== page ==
Ghosters be­come friend­ship zom­bies

Orlando Sentinel - - LOCAL & STATE -

Dear Amy: A few years ago, friends of many years ghosted me, for no ap­par­ent rea­son. This was painful and con­fus­ing. I moved on, main­tain­ing friend­ships with oth­ers in what had been our com­mon so­cial group.

Now, as sud­denly as I was ex­iled years ago, my for­mer friends, “The Ghosters,” have be­gun in­clud­ing me once again in in­vi­ta­tions. I’m not sure how to re­spond, al­though I guess the stress I am feel­ing right now in­di­cates that I have a clear choice?

Dear Ghosted: The act of “ghost­ing” (cut­ting some­one off sud­denly and with­out ex­pla­na­tion) is in­tended to pro­tect the per­pe­tra­tor from con­se­quences. Some­times peo­ple ghost oth­ers be­cause it would not be safe for them to ac­tu­ally say “good­bye,” but mainly, ghost­ing is an act of so­cial cow­ardice. The per­son be­ing ghosted is sup­posed to catch on over time that the re­la­tion­ship is a non­starter, or over. Both par­ties are ex­pected to move on.

All of this is a re­la­tion­ship-end­ing re­al­ity. But in your case, the ghosters have come back from the dead and are now en­gaged in yet more be­hav­ior that you are sup­posed to both ig­nore and ac­cept.

They are friend­ship zom­bies. This in­vi­ta­tion has you feel­ing stressed and be­wil­dered. You don’t sound grate­ful to hear from them or ea­ger to word­lessly re-en­ter their lives. How­ever, un­like the pe­riod where you were be­ing ig­nored by them, you now have a lit­tle bit of power.

You can ghost them, by not ac­knowl­edg­ing any con­tact from them. You can po­litely refuse their in­vi­ta­tion: “Thank you for invit­ing me, but I have other plans.”

Or you can re­spond: “Hi, Ge­orge and Martha. Af­ter a very long pe­riod of no con­tact from ei­ther one of you, I’ve now re­ceived an in­vi­ta­tion to spend time with you. This is con­fus­ing. Has some­thing changed?”

They might re­spond with a sen­si­tive ex­pla­na­tion of what trig­gered their ghost­ing. You will then have the op­por­tu­nity to ac­knowl­edge and (per­haps) for­give. Most likely, they will re­vert to their pre­vi­ous tech­nique of be­ing silent in or­der to avoid the awk­ward­ness of ex­plain­ing them­selves.

You should fig­ure out ex­actly what you re­ally want to do, and then do it.

Dear Amy: My boyfriend and I have been to­gether for just over six bliss­ful months. We have talked about mar­riage, kids and a fu­ture to­gether. We are pretty young (both 22) and live in an ex­pen­sive town, so he lives with his mom and I live with room­mates.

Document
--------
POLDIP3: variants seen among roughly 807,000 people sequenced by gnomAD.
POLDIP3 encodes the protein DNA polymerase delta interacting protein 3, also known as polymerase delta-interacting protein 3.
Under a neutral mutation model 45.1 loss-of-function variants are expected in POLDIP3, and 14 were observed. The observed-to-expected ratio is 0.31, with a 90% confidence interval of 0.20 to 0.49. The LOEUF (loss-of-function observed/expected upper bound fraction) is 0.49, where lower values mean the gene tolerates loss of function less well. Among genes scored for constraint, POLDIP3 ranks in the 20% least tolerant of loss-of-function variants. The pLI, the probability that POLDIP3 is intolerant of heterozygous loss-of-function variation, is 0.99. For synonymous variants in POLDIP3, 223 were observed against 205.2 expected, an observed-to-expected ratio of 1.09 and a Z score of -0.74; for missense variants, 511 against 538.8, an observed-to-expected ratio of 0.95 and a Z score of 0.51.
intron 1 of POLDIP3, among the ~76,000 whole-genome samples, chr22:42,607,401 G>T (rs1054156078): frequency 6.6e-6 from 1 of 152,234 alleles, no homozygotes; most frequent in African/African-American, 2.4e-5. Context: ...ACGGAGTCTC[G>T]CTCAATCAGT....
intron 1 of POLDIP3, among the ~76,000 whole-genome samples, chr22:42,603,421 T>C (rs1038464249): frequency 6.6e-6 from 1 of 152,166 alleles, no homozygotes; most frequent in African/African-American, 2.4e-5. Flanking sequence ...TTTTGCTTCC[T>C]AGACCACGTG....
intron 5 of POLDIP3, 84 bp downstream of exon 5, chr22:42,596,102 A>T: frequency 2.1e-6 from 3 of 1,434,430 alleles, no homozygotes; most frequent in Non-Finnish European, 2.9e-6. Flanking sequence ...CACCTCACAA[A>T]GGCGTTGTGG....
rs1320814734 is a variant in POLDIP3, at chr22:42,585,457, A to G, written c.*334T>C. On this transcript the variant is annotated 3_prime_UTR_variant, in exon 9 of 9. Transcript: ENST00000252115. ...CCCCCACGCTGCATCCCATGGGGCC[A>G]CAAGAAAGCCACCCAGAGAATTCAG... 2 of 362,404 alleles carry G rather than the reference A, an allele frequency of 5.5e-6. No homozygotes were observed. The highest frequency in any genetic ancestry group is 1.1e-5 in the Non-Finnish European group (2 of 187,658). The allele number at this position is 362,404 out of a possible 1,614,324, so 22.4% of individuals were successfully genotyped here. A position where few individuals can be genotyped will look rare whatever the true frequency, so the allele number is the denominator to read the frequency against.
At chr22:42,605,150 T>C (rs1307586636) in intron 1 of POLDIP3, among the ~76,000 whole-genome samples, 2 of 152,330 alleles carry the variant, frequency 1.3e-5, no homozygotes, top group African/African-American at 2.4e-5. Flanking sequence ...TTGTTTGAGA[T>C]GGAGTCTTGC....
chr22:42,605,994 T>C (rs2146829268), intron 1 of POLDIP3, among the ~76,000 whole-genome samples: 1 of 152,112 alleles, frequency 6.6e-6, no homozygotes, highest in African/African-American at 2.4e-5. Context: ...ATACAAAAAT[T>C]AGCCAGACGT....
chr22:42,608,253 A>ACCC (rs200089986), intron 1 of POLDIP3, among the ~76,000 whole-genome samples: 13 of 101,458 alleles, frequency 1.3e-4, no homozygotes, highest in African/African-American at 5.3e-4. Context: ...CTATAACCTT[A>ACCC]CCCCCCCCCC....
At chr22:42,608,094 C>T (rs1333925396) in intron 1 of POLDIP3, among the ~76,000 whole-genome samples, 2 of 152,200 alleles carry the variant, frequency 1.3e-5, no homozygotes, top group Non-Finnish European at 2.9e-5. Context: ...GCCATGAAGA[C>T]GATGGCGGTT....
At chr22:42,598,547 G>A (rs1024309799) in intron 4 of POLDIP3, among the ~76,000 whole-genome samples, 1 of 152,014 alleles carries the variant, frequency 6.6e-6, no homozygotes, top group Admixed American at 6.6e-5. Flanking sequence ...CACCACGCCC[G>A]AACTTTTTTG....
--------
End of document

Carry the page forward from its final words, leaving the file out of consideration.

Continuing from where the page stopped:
He hasn’t told his mom that we are dat­ing. He even lied to her about a four-day va­ca­tion we went on, say­ing that he went with friends, so that he didn’t have to tell her that we are to­gether.

I have ex­pressed that it re­ally both­ers me that he won’t tell his mom. He re­fuses to tell her be­cause she is some­what toxic and ma­nip­u­la­tive.

Ev­ery time he goes out with me, he’s ly­ing to her about where he is.

I gave him an ul­ti­ma­tum that if he doesn’t tell his mom soon, the re­la­tion­ship prob­a­bly wouldn’t work out. He broke up with me, and I am heartbroke­n. Do you think we could work this through? Am I wrong to want him to tell his mom?

Dear Sad: You are not at all wrong to want hon­esty and full dis­clo­sure.

But ... you don’t know this man’s mother. You are still be­com­ing ac­quainted with the wider world, but yes, there are peo­ple out there who can­not be trusted to han­dle the truth. If your guy’s mother is toxic, ma­nip­u­la­tive and con­trol­ling, he is nat­u­rally go­ing to want to op­er­ate well be­low her radar.

His ea­ger­ness to live his own life on his own terms should ac­cel­er­ate his ef­forts to move out. You be­haved ac­cord­ing to your own val­ues, and, re­gard­less of whether you two can rec­on­cile, it is never wrong to as­sert your own needs.

Dear Amy: Thank you for the ad­vice to “Stressed Server” to not read on­line reviews un­less di­rected to do so by the man­ager. While neg­a­tive reviews can be very use­ful, they can also be petty and un­kind. It is the man­ager’s job to wade through them and choose the ap­pro­pri­ate re­sponse.

Dear Man­ager: A wise ed­i­tor once told me, “Don’t read the com­ments. That’s my job.”

Newspapers in English

Newspapers from USA

© PressReader. All rights reserved.